3rd Party tools to stay invisible
Beyond the basics, there are a number of programs that can be installed to help cover your tracks, disguise your digital fingerprint or keep you invisible when online. The most well known of these is the Tor Network, which we’ll cover first, but for those who may require a more complete package of encryption and anonymity, then the likes of a VPN (Virtual Private Network) would be the order of the day.
The Tor Network
There has already been much said about the Tor Network, and how it can go a long way to making sure that your online activity is as anonymous as possible. But for those of you who don’t know, Tor is a method of bouncing your online communications through a distributed network of Tor relays, each of which is run by volunteers, from around the globe. In essence, its basic concept is to block sites from tracking you, from learning your physical location, and allows you to access otherwise blocked sites.
The Tor Browser Bundle is a free, portable, self-extracting package for Windows, Mac, and Linux that when run will automatically connect you to the Tor Network, and launch a specially designed and modified version of Firefox.
When it’s up and running, and when you start browsing via the Tor launched version of Firefox, all your connected online content is encrypted and routed through the aforementioned relays. The Tor Browser Bundle works effectively with any TCP applications, such as instant messengers, remote logins, and other web browsers. However, it’s not a 100% anonymity product, and it shouldn’t be used in order to download illegal music or films as this will put undue strain on the Tor network, and ruin it for legitimate users.
The protocols that are used in P2P sites are often used to scan your IP address as soon as it reaches you so it can send back the actual IP address rather than the Tor created one.
That said though, Tor is an excellent third party product to use if you want to stay anonymous for casual searching. The included Firefox version, based on Mozilla’s Extended Support Release (ESR) Firefox branch is patched to enhance the security and privacy functions. That includes blocking access to the Components.interfaces element which can be used to identify the users’ platform, blocking all plugins except for some Flash circumstances, stopping SSL sessions from caching their connections and stopping WebSockets from leaking DNS information.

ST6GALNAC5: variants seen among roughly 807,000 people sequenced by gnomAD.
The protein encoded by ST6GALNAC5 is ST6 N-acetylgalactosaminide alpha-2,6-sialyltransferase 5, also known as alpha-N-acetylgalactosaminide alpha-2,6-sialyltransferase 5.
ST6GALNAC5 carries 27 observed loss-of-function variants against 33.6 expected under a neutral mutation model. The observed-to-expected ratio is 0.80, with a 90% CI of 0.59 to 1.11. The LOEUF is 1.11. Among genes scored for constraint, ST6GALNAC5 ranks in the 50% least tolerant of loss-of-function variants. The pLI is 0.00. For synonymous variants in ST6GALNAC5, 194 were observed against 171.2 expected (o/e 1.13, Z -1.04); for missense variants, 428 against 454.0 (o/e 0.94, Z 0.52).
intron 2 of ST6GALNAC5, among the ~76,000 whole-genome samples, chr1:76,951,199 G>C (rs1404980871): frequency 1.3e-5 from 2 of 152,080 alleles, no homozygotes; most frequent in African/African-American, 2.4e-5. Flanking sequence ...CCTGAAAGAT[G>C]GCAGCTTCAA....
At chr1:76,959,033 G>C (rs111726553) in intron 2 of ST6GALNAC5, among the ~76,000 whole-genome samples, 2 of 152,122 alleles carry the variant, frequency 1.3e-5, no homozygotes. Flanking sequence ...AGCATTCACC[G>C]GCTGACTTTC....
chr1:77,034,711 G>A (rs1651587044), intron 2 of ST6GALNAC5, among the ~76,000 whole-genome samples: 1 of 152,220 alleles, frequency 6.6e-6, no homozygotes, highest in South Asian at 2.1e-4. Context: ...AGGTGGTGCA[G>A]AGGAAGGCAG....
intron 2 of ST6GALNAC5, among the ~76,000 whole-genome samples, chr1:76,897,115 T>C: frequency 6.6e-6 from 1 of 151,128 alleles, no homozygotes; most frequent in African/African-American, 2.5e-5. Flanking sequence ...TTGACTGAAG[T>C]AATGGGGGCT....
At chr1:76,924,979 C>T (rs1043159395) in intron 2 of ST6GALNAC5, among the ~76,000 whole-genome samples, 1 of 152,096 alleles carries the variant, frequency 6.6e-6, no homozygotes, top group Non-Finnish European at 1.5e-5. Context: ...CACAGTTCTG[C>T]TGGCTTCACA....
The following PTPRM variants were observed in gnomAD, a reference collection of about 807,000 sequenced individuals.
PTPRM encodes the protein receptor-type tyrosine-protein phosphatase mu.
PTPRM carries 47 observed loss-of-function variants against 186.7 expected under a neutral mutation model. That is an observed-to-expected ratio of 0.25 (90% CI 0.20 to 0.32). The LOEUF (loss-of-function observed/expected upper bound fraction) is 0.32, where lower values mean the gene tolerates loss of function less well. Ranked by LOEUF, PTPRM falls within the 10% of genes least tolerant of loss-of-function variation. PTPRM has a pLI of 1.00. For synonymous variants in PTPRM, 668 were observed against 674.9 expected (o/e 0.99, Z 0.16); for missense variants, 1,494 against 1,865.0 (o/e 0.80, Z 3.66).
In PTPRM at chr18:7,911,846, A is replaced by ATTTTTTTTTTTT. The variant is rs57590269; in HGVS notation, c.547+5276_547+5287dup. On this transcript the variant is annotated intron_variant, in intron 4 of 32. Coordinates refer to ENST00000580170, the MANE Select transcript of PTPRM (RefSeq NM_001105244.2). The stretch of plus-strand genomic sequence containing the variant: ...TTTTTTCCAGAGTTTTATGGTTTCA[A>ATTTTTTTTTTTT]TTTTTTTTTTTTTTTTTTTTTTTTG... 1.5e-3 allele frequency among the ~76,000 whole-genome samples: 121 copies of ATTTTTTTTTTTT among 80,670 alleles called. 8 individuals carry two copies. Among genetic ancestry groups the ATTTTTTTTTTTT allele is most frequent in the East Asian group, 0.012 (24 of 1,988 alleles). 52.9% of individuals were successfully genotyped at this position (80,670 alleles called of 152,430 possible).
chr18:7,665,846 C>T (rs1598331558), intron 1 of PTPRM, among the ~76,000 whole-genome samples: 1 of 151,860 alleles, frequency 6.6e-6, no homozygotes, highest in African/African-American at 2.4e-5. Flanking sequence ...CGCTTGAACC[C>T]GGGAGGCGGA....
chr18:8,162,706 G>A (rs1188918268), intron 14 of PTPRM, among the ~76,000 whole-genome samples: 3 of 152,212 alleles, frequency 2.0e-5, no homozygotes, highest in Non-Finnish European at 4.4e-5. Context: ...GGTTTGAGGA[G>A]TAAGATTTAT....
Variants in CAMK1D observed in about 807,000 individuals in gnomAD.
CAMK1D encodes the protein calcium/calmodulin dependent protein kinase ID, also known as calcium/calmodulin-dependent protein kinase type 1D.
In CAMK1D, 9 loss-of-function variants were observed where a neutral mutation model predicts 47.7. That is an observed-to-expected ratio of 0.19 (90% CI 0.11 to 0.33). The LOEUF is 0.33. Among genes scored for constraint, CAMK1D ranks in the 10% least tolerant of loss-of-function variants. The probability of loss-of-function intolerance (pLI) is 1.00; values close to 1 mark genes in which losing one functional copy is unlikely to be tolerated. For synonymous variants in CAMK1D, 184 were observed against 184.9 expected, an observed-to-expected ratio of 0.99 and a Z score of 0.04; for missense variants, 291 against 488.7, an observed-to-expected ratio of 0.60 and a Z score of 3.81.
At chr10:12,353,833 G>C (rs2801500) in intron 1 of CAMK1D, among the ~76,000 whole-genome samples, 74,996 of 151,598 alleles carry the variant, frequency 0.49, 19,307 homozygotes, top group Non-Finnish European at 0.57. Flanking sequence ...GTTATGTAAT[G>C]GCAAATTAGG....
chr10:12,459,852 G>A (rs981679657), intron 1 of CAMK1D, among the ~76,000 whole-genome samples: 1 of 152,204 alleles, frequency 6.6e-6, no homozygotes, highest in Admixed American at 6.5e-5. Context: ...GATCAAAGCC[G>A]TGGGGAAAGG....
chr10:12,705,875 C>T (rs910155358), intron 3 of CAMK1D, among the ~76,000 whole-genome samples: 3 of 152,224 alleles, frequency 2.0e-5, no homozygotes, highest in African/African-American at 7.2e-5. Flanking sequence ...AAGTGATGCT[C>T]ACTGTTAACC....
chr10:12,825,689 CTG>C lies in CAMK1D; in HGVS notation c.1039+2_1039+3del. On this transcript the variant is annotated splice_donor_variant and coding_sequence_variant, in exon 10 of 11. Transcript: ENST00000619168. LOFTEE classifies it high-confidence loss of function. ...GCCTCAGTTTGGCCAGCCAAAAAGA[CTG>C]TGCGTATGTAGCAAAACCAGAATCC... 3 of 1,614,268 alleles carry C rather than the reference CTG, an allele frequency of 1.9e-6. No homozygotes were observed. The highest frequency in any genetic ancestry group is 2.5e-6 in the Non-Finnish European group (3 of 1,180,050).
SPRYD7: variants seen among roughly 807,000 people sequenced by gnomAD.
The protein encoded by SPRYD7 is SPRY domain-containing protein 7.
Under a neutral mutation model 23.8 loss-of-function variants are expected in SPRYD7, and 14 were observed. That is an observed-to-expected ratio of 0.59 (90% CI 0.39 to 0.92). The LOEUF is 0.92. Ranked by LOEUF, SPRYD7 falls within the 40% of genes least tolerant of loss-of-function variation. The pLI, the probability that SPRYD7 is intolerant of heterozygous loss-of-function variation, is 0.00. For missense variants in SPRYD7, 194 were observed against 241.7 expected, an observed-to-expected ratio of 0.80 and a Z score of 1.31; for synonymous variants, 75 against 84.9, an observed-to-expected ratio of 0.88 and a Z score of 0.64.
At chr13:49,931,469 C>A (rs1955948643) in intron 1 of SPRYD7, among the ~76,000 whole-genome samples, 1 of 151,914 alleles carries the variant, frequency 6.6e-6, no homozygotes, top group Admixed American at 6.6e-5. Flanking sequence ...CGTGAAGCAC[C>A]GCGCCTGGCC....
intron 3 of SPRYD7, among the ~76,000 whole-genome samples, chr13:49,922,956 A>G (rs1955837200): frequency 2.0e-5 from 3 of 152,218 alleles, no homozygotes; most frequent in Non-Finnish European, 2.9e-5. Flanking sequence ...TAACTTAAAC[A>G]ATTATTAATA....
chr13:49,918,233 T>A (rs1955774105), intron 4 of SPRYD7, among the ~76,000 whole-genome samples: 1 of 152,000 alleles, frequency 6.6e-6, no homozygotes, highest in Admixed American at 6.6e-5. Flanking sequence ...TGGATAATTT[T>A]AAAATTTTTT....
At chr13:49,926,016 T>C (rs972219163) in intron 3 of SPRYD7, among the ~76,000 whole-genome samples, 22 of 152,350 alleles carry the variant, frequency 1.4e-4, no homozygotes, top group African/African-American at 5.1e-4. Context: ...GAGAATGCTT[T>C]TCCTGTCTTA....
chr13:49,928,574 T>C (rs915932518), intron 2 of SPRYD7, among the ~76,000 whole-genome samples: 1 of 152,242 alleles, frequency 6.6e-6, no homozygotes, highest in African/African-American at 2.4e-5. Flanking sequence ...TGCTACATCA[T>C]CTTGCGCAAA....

Needless to say, by using the Tor Browser Bundle, with the Firefox instance that’s included with it, you’ll be relatively safe from online snooping from all but the most hardened of individuals.
If you look at the example screen shot, using the site stayinvisible.com as an example, you can see that by navigating via the Tor version of Firefox, your IP address is hidden through Javascipt being disabled, and the patched version has successfully blocked the relative scripts needed to gain knowledge of your system.
If you want to try out the Tor Browser Bundle, and see just how successful at hiding your digital fingerprint is actually is, then point your browser towards the Tor website for access to the downloads section and further information on how Tor can help you stay relatively anonymous and safe when online.
Despite its unusual name, Hide My Ass, and the fact that this is a paid for service (although there are free options available), HMA is actually a very impressive VPN service from the UK that will allow the user to hide their IP addresses, unblock certain websites, unlock region-restricted channels and surf anonymously through one of the company’s 50,000+ private and anonymous IP addresses.
HMA’s 934 VPN servers are located throughout 190+ countries and utilise the OpenVPN, PPTP and L2TP protocols. It’s an extremely useful and easy piece of software to use. Basically all you need to do is sign up for the service, either via the three available monthly payment plans: one month at £7.99, six months at £5.99, or one year at £4.99. Then it’s just a case of installing the software, entering your user name and password, and connecting.
All the hard work and configuring of the VPN is done automatically, along with a special built-in ‘Speed Guide’ feature which will auto select the fastest VPN for you based on your current location and connection.
The software is available for Windows, Mac, and Linux. It’s available for download via the HMA Control Panel, once you sign up for a package and an account, along with a selection of help files and tutorials.
The packaged VPN manager software includes some rather nice features, alongside the speed guide. There are options to choose which VPN protocol you want to use, with OpenVPN being the more popular and possibly the faster of the protocol types, as well as options to randomly change IP address every few minutes as defined by the user.
There’s also a handy ‘Secure IP Bind’ feature, which will stop an application from going online without the HMA VPN connection running. You’re also able to manually select a particular country’s VPN server and configure the load balancing so you’ll be connected to the VPN server with the fewest number of users, and consequently more resources available for you.